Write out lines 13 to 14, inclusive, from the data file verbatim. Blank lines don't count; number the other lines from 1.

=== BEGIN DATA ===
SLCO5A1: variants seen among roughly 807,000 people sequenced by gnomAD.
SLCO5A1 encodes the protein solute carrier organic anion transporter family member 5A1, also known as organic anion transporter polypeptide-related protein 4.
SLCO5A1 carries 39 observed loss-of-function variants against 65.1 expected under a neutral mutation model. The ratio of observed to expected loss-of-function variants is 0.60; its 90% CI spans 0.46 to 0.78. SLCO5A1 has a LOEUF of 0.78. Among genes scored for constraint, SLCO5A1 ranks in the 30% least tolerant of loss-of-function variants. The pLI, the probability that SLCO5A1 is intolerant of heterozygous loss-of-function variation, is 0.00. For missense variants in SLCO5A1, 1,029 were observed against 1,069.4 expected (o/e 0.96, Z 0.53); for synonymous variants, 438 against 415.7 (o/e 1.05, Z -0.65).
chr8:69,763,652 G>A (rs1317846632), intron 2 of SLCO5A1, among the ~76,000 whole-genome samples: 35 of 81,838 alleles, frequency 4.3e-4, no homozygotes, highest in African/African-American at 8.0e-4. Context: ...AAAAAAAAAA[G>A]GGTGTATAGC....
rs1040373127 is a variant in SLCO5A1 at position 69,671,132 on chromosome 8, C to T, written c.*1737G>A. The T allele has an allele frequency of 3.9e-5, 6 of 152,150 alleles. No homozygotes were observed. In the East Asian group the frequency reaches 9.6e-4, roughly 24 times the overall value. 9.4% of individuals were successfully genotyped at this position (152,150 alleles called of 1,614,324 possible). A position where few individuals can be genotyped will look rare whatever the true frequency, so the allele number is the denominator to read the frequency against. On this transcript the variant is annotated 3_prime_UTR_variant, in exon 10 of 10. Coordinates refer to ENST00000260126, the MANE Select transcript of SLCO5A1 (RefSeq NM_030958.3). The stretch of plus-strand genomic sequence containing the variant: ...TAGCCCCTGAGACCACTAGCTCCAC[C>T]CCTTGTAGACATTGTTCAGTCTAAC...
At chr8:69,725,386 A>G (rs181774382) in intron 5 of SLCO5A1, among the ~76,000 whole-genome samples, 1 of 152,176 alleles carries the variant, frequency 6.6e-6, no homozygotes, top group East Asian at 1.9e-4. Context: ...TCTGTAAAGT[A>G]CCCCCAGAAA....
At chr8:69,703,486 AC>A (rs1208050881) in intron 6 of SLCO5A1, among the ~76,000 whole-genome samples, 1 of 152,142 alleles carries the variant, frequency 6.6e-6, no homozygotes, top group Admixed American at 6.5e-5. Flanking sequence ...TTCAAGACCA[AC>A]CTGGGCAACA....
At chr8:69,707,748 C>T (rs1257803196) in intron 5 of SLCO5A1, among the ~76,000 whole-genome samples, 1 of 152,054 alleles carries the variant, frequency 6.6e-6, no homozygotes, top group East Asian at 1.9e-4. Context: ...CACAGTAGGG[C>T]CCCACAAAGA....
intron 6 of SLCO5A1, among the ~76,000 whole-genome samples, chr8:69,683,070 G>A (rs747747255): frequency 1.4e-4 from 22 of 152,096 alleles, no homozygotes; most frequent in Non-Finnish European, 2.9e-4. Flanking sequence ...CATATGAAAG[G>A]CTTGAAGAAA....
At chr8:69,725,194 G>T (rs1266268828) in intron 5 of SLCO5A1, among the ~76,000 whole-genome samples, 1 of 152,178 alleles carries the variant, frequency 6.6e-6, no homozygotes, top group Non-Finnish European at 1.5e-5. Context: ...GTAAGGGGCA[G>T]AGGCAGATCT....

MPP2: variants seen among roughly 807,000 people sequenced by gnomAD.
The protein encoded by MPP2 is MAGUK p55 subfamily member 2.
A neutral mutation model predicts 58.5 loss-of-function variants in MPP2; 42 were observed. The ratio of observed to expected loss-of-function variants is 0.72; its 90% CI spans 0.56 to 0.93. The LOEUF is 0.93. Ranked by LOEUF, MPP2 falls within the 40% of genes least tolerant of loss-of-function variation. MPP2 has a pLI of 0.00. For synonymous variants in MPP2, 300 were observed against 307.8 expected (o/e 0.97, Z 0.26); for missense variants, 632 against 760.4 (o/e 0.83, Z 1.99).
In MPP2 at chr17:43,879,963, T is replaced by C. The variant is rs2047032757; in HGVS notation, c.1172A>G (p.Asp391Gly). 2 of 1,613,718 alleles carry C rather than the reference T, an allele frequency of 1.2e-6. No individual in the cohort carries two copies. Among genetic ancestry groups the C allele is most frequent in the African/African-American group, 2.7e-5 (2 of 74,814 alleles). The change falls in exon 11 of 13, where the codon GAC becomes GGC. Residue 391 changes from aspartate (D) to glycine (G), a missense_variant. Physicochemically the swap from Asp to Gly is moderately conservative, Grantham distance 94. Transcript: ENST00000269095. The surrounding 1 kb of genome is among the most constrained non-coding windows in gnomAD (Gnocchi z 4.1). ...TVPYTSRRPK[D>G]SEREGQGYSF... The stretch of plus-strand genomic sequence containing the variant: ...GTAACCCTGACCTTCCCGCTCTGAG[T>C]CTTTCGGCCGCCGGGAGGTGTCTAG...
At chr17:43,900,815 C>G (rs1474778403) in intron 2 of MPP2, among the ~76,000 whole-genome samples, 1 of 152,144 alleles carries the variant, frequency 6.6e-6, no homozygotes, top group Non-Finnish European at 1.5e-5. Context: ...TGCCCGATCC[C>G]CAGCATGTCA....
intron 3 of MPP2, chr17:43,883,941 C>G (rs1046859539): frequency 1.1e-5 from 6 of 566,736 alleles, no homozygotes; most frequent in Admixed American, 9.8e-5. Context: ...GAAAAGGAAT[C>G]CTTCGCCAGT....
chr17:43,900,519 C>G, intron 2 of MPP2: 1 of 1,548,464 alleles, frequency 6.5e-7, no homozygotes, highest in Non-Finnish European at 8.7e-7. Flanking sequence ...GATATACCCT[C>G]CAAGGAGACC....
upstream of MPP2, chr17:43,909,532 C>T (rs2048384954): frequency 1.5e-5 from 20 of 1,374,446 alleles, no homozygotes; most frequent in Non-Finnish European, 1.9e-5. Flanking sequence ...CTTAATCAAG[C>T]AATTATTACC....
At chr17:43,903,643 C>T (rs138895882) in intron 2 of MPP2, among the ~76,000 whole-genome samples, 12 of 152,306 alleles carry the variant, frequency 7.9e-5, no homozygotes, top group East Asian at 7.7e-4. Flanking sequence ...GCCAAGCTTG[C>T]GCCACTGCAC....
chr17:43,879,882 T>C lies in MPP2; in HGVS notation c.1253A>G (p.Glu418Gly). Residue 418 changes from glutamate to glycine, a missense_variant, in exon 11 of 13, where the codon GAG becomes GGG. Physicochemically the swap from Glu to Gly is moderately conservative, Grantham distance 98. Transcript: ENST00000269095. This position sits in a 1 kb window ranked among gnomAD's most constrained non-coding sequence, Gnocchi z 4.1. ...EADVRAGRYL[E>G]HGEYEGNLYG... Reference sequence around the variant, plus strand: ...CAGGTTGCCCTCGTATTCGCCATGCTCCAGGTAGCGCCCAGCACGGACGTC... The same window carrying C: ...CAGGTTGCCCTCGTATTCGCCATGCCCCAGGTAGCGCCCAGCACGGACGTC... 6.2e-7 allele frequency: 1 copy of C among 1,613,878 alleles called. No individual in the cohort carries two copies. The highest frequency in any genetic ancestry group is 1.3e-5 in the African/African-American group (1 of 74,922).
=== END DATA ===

A neutral mutation model predicts 58.5 loss-of-function variants in MPP2; 42 were observed. The ratio of observed to expected loss-of-function variants is 0.72; its 90% CI spans 0.56 to 0.93. The LOEUF is 0.93. Ranked by LOEUF, MPP2 falls within the 40% of genes least tolerant of loss-of-function variation. MPP2 has a pLI of 0.00. For synonymous variants in MPP2, 300 were observed against 307.8 expected (o/e 0.97, Z 0.26); for missense variants, 632 against 760.4 (o/e 0.83, Z 1.99).
In MPP2 at chr17:43,879,963, T is replaced by C. The variant is rs2047032757; in HGVS notation, c.1172A>G (p.Asp391Gly). 2 of 1,613,718 alleles carry C rather than the reference T, an allele frequency of 1.2e-6. No individual in the cohort carries two copies. Among genetic ancestry groups the C allele is most frequent in the African/African-American group, 2.7e-5 (2 of 74,814 alleles). The change falls in exon 11 of 13, where the codon GAC becomes GGC. Residue 391 changes from aspartate (D) to glycine (G), a missense_variant. Physicochemically the swap from Asp to Gly is moderately conservative, Grantham distance 94. Transcript: ENST00000269095. The surrounding 1 kb of genome is among the most constrained non-coding windows in gnomAD (Gnocchi z 4.1). ...TVPYTSRRPK[D>G]SEREGQGYSF... The stretch of plus-strand genomic sequence containing the variant: ...GTAACCCTGACCTTCCCGCTCTGAG[T>C]CTTTCGGCCGCCGGGAGGTGTCTAG...